“During the 1970’s Black filmmakers found their voices by making films that spoke to urban audiences in a way that had never been done before. Films like Sugar Hill, Abby, The Zebra Killers and so many more packed theaters with audiences hungry for Horror Movies where the Black Guy didn’t die first. 40 years later, Black horror films have made a lasting impact within the Black community. These films are national treasures and should be a part of any film collection. The Museum of UnCut Funk pays homage to the Blaxpolitation Horror films of 1974.” Click through for more. (via @GrveyardShiftSisters)
Posted July 2, 2014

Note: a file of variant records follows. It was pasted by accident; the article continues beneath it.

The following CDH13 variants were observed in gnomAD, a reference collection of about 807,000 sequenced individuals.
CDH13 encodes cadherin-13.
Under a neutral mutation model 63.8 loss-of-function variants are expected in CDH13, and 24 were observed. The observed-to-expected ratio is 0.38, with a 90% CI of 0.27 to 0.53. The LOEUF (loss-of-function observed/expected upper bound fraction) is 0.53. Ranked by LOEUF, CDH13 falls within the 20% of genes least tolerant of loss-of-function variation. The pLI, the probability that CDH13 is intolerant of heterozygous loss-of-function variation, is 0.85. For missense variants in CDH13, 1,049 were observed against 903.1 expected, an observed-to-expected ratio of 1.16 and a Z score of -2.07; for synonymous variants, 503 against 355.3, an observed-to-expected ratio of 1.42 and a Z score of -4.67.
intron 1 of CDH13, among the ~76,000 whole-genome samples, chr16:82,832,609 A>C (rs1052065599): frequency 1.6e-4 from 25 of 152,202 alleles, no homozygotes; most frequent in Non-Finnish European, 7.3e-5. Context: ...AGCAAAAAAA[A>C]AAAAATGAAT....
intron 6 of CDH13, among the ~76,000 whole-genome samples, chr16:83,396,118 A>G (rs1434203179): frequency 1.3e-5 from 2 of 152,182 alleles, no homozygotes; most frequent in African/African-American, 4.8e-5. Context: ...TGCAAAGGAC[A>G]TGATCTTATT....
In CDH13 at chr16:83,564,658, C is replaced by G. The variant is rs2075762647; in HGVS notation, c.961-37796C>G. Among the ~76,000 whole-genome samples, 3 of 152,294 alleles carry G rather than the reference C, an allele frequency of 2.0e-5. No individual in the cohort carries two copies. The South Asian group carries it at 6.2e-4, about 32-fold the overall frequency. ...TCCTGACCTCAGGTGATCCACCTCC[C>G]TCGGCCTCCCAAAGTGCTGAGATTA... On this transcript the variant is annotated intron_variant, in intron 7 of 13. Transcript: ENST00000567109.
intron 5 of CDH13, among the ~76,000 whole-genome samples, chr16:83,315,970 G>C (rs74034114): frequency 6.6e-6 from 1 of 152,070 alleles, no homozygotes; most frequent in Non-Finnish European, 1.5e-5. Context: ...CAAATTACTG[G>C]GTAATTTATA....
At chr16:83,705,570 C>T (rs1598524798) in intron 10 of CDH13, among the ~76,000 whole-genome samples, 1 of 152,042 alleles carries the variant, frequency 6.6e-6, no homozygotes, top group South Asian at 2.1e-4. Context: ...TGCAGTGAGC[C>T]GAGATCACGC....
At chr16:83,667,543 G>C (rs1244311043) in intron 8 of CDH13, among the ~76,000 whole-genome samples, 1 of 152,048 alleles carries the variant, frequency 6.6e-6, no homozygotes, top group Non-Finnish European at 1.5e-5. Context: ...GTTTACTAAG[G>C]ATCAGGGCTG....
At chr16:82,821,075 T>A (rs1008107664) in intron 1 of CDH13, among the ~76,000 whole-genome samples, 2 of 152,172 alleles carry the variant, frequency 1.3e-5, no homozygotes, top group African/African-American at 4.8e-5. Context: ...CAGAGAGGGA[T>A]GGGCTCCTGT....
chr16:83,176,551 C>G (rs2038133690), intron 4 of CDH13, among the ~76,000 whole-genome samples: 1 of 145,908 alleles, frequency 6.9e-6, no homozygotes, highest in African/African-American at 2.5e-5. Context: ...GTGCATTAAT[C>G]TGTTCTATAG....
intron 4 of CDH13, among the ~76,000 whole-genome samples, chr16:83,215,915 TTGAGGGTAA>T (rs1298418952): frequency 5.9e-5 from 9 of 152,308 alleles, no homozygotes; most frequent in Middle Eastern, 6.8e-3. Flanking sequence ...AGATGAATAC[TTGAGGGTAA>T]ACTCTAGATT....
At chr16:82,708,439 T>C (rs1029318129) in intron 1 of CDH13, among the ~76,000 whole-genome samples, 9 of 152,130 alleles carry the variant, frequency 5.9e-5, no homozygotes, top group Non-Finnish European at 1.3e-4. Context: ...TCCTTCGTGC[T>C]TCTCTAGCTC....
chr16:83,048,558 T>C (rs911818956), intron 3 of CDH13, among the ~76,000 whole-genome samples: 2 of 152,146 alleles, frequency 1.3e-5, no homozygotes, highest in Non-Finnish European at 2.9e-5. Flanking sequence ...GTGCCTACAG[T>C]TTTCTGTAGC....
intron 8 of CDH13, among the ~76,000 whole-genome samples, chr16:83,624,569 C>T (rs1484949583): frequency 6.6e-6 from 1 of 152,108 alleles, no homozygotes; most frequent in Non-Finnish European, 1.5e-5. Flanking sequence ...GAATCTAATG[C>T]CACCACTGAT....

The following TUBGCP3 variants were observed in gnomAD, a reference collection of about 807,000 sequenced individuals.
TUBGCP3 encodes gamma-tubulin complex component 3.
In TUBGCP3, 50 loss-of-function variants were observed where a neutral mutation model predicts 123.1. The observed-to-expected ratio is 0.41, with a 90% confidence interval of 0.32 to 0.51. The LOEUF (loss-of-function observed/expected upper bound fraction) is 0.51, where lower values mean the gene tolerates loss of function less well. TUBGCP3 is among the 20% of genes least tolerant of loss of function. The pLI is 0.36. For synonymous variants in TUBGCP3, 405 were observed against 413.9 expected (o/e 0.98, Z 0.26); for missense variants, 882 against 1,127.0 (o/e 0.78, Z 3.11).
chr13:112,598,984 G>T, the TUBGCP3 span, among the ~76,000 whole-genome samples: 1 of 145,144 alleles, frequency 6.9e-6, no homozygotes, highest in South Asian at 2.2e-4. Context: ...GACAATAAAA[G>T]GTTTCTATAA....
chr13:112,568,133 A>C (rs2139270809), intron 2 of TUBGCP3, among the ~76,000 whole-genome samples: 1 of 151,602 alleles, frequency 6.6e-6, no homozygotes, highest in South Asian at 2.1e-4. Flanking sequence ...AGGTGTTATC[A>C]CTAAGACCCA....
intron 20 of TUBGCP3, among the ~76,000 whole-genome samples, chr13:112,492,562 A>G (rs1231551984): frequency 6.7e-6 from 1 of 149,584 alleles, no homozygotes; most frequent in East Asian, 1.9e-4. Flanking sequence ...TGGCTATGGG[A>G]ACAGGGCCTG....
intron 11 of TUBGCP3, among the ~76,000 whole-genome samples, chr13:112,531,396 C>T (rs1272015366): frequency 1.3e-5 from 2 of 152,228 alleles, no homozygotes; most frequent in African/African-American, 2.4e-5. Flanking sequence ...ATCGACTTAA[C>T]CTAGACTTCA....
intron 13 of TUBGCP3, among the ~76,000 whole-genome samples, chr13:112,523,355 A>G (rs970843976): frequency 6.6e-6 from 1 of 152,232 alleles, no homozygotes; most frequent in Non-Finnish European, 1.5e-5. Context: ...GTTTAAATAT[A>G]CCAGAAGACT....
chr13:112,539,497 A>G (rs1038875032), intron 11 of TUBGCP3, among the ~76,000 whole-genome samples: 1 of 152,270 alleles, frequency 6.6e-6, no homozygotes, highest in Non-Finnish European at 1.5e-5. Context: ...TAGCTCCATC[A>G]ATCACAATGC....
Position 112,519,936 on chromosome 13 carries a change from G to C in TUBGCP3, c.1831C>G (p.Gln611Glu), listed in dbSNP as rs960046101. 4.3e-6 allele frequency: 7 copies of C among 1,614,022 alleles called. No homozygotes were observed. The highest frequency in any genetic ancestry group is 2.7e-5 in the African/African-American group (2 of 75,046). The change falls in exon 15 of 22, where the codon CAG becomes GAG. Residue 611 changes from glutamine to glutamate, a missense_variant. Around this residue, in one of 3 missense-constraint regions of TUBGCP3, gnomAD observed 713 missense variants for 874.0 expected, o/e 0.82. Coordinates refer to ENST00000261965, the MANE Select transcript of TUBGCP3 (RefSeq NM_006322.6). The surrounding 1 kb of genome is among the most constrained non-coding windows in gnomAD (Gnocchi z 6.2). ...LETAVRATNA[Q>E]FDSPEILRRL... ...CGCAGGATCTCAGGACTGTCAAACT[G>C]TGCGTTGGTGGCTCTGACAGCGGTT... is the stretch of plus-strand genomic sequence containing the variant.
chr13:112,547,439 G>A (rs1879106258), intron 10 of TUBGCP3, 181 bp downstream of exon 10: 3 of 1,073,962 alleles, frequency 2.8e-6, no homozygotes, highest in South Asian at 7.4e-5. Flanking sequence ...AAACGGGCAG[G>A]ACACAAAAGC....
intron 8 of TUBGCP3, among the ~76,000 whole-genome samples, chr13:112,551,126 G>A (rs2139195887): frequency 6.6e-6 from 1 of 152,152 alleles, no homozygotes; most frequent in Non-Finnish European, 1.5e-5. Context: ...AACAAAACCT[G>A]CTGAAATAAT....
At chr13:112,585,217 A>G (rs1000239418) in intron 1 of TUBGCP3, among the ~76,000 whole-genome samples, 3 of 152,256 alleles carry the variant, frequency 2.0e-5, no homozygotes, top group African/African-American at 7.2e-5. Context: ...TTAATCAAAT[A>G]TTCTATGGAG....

“For quite some time I thought that being a colossal prick on the Internet was great sport. I thought that everybody else was doing it, and that I could do it better than most. I also had some idea that it was my duty to call bullshit on everyone who I thought was propagating bullshit. I thought this was a form of criticism that was just as valid as anything I would do in long form. It was perhaps even more valid, because blog posts and Internet comments and Tweets are How We Communicate Now, and if I could expose the frauds and mediocrities surrounding me, and all of us (by ‘us’ I meant ‘other people I deigned to approve of’), then I was performing a valuable truth-telling service.” Glenn Kenny has more insights on this form of internet assholery and its underlying causes on Some Came Running.